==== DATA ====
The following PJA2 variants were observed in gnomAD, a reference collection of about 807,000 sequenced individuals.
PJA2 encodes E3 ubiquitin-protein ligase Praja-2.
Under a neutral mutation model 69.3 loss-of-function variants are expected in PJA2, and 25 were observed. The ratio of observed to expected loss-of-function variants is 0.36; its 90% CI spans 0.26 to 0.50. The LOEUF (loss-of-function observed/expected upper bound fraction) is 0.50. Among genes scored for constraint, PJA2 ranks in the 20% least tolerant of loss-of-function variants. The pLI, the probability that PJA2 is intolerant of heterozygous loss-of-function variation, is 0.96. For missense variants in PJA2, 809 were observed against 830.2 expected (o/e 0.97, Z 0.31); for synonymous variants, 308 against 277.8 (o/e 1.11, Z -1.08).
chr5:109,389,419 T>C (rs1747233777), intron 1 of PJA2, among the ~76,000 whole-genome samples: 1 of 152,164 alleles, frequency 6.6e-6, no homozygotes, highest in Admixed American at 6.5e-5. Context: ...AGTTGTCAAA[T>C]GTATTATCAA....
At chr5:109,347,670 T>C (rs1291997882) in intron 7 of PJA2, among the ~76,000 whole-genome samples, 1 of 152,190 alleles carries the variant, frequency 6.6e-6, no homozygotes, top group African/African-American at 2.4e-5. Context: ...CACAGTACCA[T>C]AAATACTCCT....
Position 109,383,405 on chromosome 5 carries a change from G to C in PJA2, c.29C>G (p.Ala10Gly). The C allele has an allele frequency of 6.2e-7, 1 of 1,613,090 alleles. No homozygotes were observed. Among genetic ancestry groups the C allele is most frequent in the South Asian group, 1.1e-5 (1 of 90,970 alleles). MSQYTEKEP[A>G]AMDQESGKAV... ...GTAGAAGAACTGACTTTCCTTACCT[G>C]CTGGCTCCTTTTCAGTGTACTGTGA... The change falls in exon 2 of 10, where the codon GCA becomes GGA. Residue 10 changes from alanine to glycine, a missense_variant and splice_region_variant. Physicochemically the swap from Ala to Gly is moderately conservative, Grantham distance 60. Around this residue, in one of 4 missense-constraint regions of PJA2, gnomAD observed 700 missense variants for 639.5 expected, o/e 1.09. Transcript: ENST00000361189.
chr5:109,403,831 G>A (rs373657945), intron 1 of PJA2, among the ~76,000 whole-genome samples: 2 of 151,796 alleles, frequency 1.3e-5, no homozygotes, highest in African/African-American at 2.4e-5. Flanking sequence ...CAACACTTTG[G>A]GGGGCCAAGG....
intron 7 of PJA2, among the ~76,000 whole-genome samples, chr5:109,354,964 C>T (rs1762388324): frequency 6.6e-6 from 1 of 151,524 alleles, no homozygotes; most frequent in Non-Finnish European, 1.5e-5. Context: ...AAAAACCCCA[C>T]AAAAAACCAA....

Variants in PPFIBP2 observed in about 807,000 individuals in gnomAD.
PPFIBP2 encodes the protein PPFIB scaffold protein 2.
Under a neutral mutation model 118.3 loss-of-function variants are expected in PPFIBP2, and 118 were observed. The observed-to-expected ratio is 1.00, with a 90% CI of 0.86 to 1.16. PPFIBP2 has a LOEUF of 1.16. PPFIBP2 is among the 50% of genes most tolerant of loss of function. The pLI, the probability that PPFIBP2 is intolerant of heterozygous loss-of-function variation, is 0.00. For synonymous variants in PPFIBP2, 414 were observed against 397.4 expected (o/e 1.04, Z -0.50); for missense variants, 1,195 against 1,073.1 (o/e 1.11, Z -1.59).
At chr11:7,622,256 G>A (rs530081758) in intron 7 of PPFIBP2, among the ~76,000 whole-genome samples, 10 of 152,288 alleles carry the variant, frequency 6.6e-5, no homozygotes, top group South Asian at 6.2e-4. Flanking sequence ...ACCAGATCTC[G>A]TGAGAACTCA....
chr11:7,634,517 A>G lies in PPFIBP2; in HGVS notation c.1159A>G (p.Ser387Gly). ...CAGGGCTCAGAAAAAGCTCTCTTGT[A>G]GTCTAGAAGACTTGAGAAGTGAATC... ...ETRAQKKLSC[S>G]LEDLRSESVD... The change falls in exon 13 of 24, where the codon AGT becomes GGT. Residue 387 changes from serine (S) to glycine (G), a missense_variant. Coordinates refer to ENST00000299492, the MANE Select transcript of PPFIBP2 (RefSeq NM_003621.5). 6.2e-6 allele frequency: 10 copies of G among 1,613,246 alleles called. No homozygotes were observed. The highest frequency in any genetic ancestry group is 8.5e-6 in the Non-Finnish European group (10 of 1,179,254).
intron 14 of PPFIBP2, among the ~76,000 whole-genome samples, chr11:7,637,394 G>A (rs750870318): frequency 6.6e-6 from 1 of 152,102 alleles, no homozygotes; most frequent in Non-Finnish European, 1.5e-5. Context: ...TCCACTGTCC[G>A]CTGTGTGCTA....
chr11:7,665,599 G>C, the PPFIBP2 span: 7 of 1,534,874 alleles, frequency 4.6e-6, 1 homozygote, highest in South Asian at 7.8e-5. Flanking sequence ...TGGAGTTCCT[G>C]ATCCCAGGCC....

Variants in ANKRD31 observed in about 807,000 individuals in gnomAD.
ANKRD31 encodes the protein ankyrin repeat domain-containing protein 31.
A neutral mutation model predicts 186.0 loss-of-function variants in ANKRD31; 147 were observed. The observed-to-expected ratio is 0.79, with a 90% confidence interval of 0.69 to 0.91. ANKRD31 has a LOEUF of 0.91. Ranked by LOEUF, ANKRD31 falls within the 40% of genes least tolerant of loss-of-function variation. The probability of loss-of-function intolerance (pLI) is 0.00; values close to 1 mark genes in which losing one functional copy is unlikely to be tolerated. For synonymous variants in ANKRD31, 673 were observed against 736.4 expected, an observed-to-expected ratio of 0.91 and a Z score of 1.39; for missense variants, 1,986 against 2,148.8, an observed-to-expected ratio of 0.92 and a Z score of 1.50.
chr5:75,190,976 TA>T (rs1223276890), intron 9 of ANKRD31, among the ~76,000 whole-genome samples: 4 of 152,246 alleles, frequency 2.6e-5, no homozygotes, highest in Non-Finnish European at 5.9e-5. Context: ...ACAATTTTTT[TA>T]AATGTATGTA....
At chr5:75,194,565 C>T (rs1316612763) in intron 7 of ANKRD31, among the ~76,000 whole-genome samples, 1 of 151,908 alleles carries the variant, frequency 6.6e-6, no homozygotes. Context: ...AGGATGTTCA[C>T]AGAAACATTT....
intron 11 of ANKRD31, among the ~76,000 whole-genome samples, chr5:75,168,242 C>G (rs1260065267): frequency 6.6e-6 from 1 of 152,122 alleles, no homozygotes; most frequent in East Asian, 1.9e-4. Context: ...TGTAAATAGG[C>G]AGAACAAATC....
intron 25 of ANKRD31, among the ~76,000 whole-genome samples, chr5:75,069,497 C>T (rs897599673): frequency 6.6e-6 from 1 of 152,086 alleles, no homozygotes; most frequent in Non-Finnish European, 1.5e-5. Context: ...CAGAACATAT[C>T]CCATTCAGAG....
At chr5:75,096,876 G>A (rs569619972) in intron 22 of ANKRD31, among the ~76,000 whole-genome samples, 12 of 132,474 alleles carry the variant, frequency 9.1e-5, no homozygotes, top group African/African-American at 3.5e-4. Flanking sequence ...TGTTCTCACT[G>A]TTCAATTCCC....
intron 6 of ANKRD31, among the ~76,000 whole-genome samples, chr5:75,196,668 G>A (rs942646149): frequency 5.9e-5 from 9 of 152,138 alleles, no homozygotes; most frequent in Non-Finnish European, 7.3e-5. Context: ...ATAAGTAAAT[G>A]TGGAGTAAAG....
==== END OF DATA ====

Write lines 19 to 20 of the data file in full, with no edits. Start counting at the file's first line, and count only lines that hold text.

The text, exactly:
chr5:75,190,976 TA>T (rs1223276890), intron 9 of ANKRD31, among the ~76,000 whole-genome samples: 4 of 152,246 alleles, frequency 2.6e-5, no homozygotes, highest in Non-Finnish European at 5.9e-5. Context: ...ACAATTTTTT[TA>T]AATGTATGTA....
At chr5:75,194,565 C>T (rs1316612763) in intron 7 of ANKRD31, among the ~76,000 whole-genome samples, 1 of 151,908 alleles carries the variant, frequency 6.6e-6, no homozygotes. Context: ...AGGATGTTCA[C>T]AGAAACATTT....